‘Film is like a battleground’ Sam Fuller, who once wrote a script footnote1 for Douglas Sirk, said in a film by Jean-Luc Godard, who, shortly before he made A Bout de Souffle, wrote a rhapsody on Douglas Sirk’s A Time to Love and a Time to Die. footnote2 But not one of us, Godard or Fuller or me or anybody else, can touch Douglas Sirk. Sirk has said: ‘cinema is blood, is tears, violence, hate, death, and love’. And Sirk has made films with blood, with tears, with violence, hate—films with death and films with love. Sirk has said: you can’t make films about things, you can only make films with things, with people, with light, with flowers, with mirrors, with blood, in fact with all the fantastic things which make life worth living. Sirk has also said: a director’s philosophy is lighting and camera angles. And Sirk has made the tenderest films I know, they are the films of someone who loves people and doesn’t despise them as we do. Darryl F. Zanuck once said to Sirk: ‘They’ve got to like the movie in Kansas City and in Singapore.’ America is really something else.
Douglas Sirk had a grandmother, she wrote poems and had black hair. In those days Douglas was still called Detlef and lived in Denmark. As it happened the Nordic countries around 1910 produced their own films, specializing particularly in big human dramas. And so little Detlef and his poetry-writing grandmother went to the tiny Danish cinema and cried their eyes out, over and over again, at the tragic death of Asta Nielsen and many other beautiful ladies with pale, pale makeup. They could only go secretly, because Detlef Sierck was supposed to be brought up in the German tradition, have a proper classical education, and so one day his love for Asta Nielsen gave way to a love for Clytemnestra. He worked in the theatre in Germany: in Bremen, Chemnitz, Hamburg, Leipzig; he was an educated man who was also cultured. He counted Max Brod among his friends, knew Kafka’s work and so on. He seemed to be embarking on a career which could have led to the directorship of the Munich Residenztheater. But no, in 1937, having made a few films in Germany for ufa, Detlef Sierck emigrated to America, became Douglas Sirk and made films which, among people of his sort of background in Germany, would merely raise a smile.
all that heaven allows
So it happens that you can meet a man in Lugano, in Switzerland, who
It’s a pretty abysmal start for the love of one’s life. She, he and the world they live in. Basically that’s how it seems. She has a motherly touch, she looks as though she might be able to soften at the right moment: we can understand what Rock sees in her. He is a tree trunk. He is quite right to want to be inside her. The world around is evil. The women all talk too much. There are no men in the film apart from Rock, in that respect armchairs and glasses are more important. After seeing this film small town America is the last place in the world I would want to go. What it amounts to is that somewhere along the line Jane tells Rock that she is going to leave him, because of her idiotic children and so on. Rock doesn’t protest too much, he still has Nature, after all. And there Jane sits on Christmas Eve, her children are going to leave her anyway and they’ve brought her a television set for Christmas. It’s too much. It tells you something about the world and what it does to you. Later on, Jane goes back to Rock because she has headaches, which is what happens to us all if we don’t fuck once in a while. But now she’s back there’s still no happy ending. If anyone has made their love life that complicated for themselves they won’t be able to live happily afterwards.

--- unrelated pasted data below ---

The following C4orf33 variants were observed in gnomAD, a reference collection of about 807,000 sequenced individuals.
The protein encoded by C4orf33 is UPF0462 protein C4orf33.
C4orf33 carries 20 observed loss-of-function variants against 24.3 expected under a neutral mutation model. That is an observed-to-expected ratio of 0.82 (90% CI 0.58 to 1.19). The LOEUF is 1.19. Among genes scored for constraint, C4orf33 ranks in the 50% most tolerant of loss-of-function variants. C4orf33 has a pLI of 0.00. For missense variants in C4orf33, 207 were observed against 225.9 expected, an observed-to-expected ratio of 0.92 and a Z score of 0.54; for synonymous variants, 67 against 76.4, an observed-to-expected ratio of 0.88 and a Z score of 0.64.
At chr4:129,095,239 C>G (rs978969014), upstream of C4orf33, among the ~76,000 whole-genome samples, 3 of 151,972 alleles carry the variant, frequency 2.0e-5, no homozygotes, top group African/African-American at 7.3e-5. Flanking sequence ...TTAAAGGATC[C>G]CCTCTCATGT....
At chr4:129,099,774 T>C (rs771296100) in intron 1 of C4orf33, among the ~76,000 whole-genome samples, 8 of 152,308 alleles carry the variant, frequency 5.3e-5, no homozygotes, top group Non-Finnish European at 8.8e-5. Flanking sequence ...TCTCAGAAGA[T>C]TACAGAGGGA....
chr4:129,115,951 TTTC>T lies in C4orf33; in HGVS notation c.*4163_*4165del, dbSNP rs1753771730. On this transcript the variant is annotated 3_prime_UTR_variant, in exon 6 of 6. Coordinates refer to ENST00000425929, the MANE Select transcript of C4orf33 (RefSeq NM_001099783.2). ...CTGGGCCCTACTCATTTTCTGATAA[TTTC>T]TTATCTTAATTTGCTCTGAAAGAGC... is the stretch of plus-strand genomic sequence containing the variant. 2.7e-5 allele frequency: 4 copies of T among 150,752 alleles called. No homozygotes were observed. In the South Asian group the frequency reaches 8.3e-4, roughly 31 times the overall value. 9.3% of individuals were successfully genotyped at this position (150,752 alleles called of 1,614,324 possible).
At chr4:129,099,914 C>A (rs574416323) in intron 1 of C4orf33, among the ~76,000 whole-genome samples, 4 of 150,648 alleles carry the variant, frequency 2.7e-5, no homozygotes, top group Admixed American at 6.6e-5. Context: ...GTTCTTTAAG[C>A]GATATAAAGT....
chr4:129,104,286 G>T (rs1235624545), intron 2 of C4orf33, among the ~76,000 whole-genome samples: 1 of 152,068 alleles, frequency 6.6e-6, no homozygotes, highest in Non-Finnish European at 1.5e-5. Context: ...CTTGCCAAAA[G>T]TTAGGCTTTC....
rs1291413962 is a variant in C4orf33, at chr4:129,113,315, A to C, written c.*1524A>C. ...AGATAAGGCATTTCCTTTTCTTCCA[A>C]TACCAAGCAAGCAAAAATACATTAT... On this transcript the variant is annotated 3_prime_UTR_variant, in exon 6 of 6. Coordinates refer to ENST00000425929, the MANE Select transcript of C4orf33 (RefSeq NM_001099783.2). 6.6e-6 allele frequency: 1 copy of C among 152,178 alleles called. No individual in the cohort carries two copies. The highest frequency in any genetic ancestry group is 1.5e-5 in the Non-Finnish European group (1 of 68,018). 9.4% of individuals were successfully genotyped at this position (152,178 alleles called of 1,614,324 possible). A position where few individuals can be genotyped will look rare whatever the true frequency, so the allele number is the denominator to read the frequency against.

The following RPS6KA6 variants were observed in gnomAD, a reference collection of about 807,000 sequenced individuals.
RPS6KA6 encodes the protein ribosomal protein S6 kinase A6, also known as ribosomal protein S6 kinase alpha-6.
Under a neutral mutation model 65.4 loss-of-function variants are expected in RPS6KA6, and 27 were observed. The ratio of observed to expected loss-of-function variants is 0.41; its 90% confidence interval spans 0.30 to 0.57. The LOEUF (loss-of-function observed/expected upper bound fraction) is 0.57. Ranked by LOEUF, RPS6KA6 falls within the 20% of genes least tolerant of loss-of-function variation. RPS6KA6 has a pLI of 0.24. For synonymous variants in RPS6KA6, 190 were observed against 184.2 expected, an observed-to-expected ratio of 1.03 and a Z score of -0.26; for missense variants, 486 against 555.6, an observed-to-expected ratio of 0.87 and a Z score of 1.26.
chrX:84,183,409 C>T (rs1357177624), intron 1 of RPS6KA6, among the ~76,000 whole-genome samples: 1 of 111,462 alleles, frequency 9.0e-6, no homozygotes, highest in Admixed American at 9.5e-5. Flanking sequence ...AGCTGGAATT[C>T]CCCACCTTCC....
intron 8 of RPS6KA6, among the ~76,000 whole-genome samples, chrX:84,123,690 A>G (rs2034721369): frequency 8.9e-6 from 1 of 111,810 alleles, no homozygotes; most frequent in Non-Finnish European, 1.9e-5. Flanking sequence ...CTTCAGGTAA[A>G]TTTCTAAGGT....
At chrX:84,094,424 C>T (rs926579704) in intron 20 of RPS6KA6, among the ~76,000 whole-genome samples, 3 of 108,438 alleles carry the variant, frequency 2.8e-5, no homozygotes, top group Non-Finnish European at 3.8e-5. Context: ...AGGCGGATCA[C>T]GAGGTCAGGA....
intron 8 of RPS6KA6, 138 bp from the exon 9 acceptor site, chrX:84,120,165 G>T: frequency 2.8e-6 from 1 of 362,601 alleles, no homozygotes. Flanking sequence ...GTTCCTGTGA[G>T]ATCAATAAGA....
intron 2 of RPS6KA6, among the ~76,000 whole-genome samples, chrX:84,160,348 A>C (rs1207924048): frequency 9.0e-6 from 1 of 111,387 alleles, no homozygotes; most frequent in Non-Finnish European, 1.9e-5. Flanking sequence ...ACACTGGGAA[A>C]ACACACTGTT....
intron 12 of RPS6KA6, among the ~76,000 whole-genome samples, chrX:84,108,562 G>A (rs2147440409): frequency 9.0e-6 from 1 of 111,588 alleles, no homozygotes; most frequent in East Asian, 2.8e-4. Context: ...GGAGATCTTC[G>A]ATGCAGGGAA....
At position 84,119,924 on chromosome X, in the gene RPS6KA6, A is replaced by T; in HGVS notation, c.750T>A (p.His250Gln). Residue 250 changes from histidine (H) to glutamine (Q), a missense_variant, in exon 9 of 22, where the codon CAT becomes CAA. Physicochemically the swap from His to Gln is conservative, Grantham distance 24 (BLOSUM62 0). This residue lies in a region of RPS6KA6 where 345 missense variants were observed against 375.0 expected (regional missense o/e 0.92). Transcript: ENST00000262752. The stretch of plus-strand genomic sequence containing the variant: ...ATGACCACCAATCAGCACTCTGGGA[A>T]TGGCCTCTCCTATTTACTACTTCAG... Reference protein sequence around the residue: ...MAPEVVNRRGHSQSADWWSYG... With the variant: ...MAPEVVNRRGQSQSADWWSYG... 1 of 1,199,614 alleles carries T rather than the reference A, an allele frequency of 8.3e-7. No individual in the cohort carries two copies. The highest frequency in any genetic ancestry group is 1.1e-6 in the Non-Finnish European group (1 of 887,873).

This is the kind of thing Douglas Sirk makes movies about. People can’t live alone, but they can’t live together either. This is why his movies are so desperate. All That Heaven Allows opens with a long shot of the small town. The titles appear across it. Which looks very sad. It is followed by a crane shot down to Jane’s house, a friend is just arriving, bringing back some crockery she had borrowed. Really sad! A tracking shot follows the two women and there, in the background, stands Rock Hudson, blurred, in the way an extra usually stands around in a Hollywood film. And as her friend has no time to have a cup of coffee with Jane, Jane has her coffee with the extra. Still only close-ups of Jane Wyman, even at this stage. Rock has no real significance as yet. Once he has, he gets his close-ups too. It’s simple and beautiful. And everybody sees the point.
Douglas Sirk’s films are descriptive. Very few close-ups. Even in shot-countershot the other person doesn’t appear fully in the frame. The spectator’s intense feeling is not a result of identification, but of montage and music. This is why we come out of these movies feeling somewhat dissatisfied. What we have seen is something of other people. And if there’s anything there which concerns you personally, you are at